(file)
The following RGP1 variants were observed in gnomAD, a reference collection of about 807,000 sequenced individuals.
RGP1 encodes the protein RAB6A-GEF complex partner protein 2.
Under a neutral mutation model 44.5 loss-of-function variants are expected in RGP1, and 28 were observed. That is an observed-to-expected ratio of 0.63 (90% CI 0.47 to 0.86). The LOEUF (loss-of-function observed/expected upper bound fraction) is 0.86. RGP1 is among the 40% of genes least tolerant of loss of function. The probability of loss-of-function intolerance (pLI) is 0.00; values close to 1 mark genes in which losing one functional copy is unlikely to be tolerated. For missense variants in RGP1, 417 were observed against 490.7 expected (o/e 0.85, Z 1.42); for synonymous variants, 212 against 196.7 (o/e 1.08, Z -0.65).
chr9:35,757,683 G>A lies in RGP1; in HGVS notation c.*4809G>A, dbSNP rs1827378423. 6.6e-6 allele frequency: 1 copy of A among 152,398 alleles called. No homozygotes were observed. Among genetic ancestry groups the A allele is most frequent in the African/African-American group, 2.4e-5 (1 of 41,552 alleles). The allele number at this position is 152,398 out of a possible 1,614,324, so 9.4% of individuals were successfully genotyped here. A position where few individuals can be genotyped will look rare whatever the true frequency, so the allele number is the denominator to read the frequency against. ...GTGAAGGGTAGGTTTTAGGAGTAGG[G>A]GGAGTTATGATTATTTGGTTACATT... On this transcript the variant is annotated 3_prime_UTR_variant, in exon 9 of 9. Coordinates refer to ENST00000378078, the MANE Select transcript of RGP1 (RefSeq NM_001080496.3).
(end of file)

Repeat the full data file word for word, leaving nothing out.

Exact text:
The following RGP1 variants were observed in gnomAD, a reference collection of about 807,000 sequenced individuals.
RGP1 encodes the protein RAB6A-GEF complex partner protein 2.
Under a neutral mutation model 44.5 loss-of-function variants are expected in RGP1, and 28 were observed. That is an observed-to-expected ratio of 0.63 (90% CI 0.47 to 0.86). The LOEUF (loss-of-function observed/expected upper bound fraction) is 0.86. RGP1 is among the 40% of genes least tolerant of loss of function. The probability of loss-of-function intolerance (pLI) is 0.00; values close to 1 mark genes in which losing one functional copy is unlikely to be tolerated. For missense variants in RGP1, 417 were observed against 490.7 expected (o/e 0.85, Z 1.42); for synonymous variants, 212 against 196.7 (o/e 1.08, Z -0.65).
chr9:35,757,683 G>A lies in RGP1; in HGVS notation c.*4809G>A, dbSNP rs1827378423. 6.6e-6 allele frequency: 1 copy of A among 152,398 alleles called. No homozygotes were observed. Among genetic ancestry groups the A allele is most frequent in the African/African-American group, 2.4e-5 (1 of 41,552 alleles). The allele number at this position is 152,398 out of a possible 1,614,324, so 9.4% of individuals were successfully genotyped here. A position where few individuals can be genotyped will look rare whatever the true frequency, so the allele number is the denominator to read the frequency against. ...GTGAAGGGTAGGTTTTAGGAGTAGG[G>A]GGAGTTATGATTATTTGGTTACATT... On this transcript the variant is annotated 3_prime_UTR_variant, in exon 9 of 9. Coordinates refer to ENST00000378078, the MANE Select transcript of RGP1 (RefSeq NM_001080496.3).